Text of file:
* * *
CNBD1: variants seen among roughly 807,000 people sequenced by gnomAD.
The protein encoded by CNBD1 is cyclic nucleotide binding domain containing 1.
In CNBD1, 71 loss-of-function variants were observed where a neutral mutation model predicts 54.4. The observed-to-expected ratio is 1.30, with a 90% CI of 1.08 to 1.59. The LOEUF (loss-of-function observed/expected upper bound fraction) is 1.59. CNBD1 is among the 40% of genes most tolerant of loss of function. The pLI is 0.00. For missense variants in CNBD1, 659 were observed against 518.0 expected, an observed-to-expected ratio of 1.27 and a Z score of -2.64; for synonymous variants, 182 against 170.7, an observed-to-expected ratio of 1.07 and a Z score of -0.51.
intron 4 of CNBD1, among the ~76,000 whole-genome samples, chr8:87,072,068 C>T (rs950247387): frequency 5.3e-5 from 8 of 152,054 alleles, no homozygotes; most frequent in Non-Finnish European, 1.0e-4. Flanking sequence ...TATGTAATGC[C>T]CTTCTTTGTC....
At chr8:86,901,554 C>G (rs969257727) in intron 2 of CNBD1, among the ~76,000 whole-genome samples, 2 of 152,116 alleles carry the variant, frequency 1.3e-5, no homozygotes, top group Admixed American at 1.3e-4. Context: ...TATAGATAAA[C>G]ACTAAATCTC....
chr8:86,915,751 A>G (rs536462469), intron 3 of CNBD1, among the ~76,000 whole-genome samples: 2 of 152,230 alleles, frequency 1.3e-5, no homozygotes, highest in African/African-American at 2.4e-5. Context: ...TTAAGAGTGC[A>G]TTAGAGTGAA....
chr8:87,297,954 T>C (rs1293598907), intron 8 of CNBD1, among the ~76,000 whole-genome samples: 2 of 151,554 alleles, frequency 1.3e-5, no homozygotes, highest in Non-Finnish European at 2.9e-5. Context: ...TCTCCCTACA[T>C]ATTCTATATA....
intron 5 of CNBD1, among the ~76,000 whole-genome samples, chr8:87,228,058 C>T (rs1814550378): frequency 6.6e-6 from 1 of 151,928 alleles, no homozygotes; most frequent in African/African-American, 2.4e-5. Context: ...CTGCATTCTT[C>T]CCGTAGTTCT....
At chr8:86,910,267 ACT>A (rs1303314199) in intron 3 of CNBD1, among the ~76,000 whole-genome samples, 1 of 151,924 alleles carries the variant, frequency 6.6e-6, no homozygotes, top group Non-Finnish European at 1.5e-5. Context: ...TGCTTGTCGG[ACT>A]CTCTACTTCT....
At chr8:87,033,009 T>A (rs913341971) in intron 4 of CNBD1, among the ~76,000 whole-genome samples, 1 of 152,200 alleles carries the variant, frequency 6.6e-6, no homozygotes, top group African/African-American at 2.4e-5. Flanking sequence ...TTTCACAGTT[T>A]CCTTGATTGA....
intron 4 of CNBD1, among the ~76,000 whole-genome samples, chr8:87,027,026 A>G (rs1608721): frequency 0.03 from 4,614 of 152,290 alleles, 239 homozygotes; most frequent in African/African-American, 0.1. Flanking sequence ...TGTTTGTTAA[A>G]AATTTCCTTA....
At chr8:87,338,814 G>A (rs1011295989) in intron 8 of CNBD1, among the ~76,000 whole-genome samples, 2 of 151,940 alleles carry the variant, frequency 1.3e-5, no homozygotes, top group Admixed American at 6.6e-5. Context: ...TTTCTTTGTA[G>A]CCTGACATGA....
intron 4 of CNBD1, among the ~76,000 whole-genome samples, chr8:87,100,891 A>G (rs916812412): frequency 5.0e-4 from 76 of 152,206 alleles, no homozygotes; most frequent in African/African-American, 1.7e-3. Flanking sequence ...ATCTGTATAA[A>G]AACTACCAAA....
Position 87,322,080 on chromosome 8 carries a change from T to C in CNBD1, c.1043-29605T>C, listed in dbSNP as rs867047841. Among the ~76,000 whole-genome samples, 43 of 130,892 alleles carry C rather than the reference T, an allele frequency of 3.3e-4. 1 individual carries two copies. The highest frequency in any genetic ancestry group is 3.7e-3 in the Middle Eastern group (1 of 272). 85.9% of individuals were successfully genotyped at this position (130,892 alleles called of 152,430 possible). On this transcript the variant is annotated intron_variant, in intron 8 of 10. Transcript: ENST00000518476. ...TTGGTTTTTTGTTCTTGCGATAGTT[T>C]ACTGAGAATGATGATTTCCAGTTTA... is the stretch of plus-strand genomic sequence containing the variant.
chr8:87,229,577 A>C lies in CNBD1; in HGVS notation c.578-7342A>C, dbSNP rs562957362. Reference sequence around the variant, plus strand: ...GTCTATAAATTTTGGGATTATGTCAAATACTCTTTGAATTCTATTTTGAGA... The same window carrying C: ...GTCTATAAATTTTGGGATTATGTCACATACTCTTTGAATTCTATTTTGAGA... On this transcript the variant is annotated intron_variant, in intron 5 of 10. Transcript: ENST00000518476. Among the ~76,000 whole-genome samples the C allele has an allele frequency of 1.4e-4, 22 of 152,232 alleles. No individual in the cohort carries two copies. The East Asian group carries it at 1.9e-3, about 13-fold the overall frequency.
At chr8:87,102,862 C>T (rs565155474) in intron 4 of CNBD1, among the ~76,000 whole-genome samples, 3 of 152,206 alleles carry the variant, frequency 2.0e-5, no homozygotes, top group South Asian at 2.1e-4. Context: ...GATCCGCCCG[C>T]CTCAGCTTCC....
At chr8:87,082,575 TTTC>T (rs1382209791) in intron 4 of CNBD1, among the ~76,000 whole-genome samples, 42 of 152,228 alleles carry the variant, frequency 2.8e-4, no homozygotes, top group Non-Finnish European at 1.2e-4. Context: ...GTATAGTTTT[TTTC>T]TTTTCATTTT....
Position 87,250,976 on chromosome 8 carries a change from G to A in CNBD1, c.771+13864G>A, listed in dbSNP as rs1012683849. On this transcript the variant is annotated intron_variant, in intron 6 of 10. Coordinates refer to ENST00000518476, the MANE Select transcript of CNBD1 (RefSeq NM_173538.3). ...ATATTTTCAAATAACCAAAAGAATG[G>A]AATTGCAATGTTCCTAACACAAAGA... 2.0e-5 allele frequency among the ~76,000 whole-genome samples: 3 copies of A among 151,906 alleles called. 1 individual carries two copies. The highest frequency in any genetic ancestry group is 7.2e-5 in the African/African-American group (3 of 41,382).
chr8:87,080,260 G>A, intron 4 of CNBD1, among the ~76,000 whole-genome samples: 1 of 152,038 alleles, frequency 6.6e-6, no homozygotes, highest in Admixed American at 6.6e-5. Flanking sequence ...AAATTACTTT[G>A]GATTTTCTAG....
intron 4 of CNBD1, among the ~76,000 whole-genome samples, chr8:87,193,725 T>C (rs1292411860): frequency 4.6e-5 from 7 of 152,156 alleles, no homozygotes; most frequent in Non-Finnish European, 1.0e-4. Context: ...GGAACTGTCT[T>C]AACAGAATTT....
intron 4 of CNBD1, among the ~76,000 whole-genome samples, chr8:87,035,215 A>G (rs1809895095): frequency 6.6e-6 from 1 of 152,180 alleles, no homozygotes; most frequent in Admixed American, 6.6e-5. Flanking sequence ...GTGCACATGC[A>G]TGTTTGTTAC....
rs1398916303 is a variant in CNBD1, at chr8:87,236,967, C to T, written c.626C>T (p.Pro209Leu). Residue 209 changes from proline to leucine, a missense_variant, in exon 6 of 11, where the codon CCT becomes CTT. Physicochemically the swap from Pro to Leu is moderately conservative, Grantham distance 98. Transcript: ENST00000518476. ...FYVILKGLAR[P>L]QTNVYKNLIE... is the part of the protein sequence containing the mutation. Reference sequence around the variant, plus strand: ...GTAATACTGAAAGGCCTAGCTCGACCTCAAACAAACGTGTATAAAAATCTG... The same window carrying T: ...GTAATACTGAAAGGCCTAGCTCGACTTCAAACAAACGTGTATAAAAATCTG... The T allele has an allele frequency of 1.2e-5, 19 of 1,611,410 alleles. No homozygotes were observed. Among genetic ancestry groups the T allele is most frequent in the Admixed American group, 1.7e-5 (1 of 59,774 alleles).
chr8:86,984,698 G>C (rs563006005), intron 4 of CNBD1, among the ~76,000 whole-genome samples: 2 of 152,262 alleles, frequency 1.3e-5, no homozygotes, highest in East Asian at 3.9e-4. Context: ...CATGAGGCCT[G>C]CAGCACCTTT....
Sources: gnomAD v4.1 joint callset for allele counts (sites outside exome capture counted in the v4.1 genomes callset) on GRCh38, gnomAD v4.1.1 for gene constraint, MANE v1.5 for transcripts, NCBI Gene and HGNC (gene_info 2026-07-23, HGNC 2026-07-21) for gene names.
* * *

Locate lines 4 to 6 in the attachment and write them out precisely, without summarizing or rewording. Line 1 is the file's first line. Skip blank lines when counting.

intron 4 of CNBD1, among the ~76,000 whole-genome samples, chr8:87,072,068 C>T (rs950247387): frequency 5.3e-5 from 8 of 152,054 alleles, no homozygotes; most frequent in Non-Finnish European, 1.0e-4. Flanking sequence ...TATGTAATGC[C>T]CTTCTTTGTC....
At chr8:86,901,554 C>G (rs969257727) in intron 2 of CNBD1, among the ~76,000 whole-genome samples, 2 of 152,116 alleles carry the variant, frequency 1.3e-5, no homozygotes, top group Admixed American at 1.3e-4. Context: ...TATAGATAAA[C>G]ACTAAATCTC....
chr8:86,915,751 A>G (rs536462469), intron 3 of CNBD1, among the ~76,000 whole-genome samples: 2 of 152,230 alleles, frequency 1.3e-5, no homozygotes, highest in African/African-American at 2.4e-5. Context: ...TTAAGAGTGC[A>G]TTAGAGTGAA....